9. 9. Ratification of UPC Agreement • On 28 Nov 2016 Lady Neville-Rolfe indicated that HMG would ratify the UPC Agreement • HMG has always favoured an EU wide patent: – One of the few countries to ratify the Community Patent Convention – Hargreaves report recommended UK’s accession in 2011 – HMG signed the UPC agreement in 2013
  10. 10. Ratification of UPC Agreement • HMG has leased premises for the court • Probably in the interests of British businesses for the court to take off even if UK has to withdraw from it in 2019 • Primary legislation passed and Order in Council drafted in 2014 • Good chance Court will open in 2017 or 2018
  11. 11. Trade Secrets Directive • Trade Secrets Directive adopted shortly before the referendum • Has to come into force in June 2018 • Great opportunity to codify trade secrets law in UK which is anomalous, complex and uncertain
  12. 12. Digital Single Market • No specific proposals yet but likely to require further harmonization of national copyright law • Creative, financial and perhaps other service industries will benefit from digital single market
  13. 13. Consequences of Withdrawal • Treaties fall away and with them EU regulations • Some or all of the regulations may be adopted under the “Great Repeal Bill” • Some rights such as unregistered Community designs, guarantees of origin for British food and beverages and SPCs will disappear though equivalents could be adopted
  14. 14. Consequences of Withdrawal • Chancery Division and County Court will cease to be EU trade mark and Community design courts • UK will fall outside jurisdiction of other states EU trade mark and Community design courts • CJEU will cease to have jurisdiction over UK though judgments are likely to have persuasive authority on legislation derived from directives
  15. 15. Consequences of Withdrawal • UK will have to withdraw from UPC and London will cease to host the central division • Richard Gordon QC and Tom Pascoe suggest it might be possible to modify UPC agreement but unlikely • Optional protocol to EPC abandoned because of incompatibility with EU law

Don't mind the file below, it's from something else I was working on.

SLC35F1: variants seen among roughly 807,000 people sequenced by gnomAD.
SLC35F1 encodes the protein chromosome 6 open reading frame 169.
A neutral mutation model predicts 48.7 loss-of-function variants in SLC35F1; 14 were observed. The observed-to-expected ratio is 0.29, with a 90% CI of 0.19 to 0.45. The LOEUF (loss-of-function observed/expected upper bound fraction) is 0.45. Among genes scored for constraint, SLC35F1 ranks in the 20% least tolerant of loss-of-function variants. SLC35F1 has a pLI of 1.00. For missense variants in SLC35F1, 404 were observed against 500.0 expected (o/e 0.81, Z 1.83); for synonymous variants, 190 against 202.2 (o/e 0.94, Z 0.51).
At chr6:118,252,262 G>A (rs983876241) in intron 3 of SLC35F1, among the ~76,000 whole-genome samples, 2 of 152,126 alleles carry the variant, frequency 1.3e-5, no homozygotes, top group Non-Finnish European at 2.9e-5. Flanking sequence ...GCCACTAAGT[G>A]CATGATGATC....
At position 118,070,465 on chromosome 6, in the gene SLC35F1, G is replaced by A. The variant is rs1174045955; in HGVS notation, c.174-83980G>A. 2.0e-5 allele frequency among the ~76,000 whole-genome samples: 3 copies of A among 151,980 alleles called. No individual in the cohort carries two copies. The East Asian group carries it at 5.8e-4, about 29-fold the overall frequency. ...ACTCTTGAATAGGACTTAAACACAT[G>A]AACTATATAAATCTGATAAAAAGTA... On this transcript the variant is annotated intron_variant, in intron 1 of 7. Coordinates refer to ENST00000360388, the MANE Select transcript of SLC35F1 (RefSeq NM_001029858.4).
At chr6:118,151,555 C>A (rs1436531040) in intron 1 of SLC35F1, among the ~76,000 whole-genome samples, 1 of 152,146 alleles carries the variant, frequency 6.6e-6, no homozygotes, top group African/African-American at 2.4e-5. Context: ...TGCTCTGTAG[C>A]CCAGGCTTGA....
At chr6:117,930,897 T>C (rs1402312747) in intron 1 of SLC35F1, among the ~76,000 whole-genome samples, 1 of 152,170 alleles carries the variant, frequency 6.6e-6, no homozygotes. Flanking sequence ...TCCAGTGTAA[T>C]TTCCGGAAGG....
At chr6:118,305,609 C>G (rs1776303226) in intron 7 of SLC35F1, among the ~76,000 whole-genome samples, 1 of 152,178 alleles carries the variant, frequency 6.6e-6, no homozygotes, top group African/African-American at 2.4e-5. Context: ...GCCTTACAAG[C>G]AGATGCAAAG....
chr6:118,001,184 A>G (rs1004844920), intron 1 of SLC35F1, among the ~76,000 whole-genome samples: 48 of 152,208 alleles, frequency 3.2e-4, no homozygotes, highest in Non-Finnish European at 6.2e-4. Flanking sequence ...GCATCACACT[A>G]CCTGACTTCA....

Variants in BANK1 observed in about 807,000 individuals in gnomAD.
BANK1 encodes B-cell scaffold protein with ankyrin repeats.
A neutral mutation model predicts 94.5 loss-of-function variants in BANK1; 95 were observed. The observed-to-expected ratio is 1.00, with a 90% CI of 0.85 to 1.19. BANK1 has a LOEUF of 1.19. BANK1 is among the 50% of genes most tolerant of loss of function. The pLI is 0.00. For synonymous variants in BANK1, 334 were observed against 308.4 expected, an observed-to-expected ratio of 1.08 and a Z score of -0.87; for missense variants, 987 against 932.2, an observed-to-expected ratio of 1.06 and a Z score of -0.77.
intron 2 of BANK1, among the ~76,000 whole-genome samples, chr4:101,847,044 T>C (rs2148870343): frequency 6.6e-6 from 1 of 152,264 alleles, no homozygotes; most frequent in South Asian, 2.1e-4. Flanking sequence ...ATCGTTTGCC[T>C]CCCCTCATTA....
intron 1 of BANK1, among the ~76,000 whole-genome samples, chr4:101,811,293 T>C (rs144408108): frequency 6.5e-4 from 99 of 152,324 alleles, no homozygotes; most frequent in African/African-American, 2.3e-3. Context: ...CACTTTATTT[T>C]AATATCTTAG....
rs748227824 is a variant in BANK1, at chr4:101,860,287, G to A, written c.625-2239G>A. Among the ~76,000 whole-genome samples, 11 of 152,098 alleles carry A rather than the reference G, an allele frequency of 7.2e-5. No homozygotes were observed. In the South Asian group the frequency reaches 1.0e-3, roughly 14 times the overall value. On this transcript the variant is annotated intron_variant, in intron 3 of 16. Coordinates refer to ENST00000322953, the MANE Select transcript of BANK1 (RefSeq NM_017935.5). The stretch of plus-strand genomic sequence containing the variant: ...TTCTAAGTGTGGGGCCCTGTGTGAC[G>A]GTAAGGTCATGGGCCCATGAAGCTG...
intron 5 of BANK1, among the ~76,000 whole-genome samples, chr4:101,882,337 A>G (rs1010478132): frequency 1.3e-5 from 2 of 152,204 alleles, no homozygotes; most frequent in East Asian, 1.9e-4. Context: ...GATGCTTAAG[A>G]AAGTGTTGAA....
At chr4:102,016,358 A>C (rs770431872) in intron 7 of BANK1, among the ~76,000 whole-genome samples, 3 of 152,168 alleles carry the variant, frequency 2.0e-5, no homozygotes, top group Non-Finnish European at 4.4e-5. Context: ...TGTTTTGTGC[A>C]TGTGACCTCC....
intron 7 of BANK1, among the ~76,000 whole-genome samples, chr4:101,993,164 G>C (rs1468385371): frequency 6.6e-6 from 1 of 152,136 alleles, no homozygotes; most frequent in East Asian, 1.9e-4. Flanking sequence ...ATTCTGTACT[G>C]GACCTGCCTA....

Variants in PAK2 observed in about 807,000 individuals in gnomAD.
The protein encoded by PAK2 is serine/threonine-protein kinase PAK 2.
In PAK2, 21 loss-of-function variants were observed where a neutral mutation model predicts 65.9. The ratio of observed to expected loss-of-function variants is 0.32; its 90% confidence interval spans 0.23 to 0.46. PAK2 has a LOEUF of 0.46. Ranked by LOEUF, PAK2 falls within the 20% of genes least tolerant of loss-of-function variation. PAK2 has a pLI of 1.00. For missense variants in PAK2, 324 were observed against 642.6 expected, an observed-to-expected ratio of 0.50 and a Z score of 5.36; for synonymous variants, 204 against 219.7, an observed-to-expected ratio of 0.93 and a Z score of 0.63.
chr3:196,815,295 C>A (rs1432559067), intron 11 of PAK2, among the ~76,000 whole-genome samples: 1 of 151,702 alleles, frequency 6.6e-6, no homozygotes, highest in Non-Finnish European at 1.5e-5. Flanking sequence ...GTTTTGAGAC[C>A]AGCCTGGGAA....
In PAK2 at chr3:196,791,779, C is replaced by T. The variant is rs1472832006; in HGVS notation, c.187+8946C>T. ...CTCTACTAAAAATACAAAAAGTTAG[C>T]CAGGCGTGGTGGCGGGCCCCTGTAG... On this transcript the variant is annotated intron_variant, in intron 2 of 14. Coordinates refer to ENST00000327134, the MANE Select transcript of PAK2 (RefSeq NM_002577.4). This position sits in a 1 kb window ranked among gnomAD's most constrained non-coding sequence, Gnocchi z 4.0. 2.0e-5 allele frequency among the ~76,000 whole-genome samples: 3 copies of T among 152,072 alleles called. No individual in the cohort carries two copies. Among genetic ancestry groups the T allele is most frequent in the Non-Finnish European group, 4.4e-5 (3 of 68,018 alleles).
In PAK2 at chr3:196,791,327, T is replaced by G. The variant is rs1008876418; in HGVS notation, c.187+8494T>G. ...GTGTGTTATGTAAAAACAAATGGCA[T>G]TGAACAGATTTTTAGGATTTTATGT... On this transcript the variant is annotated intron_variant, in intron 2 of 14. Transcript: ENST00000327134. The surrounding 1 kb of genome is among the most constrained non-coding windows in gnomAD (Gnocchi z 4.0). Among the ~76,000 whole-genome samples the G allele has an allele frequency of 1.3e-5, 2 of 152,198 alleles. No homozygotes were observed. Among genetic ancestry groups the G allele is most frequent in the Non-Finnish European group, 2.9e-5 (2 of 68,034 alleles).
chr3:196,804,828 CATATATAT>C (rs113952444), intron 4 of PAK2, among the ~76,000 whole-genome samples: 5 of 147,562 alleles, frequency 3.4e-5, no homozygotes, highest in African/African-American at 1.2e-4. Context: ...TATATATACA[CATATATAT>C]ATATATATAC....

16. 16. Effect on different industries • Agriculture • Fashion • Financial Services • Information and communications technology • Manufacturing
  17. 17. Opportunities from Brexit? • CIPA suggests that it might be possible to apply the Nagoya Protocol on biodiversity in a way that does not harm academic and commercial research in UK • ACID has suggested a right equivalent to an unregistered Community design right but fir a much longer term • Incentive to develop new markets outside EU
  18. 18. Tips for IP Planning • IP plan should be part of a business plan • Businesses should already be applying following methodology – Identifying income streams over business planning period – Considering threats to income streams – Devising counter-measures – Providing funding for counter-measures
  19. 19. Tips for IP Planning • Disappearance of EU rights such as EU TM likely to be taken into account when devising counter-measures • Follow withdrawal negotiations closely, particularly in so far as they affect your clients’ industry • Be astute for any opportunities that may arise whether in UK, Europe or beyond
  20. 20. Withdrawal from EU not the end of the world • Korea and Israel show that it is possible for medium size countries to thrive outside trade blocs • New technologies may make geographical proximity less important • Read and follow @nipclaw for further developments
  21. 21. Any Questions Jane Lambert 4-5 Gray’s Inn Square London WC1R 5AH +44 (0)20 7404 5252 @nipclaw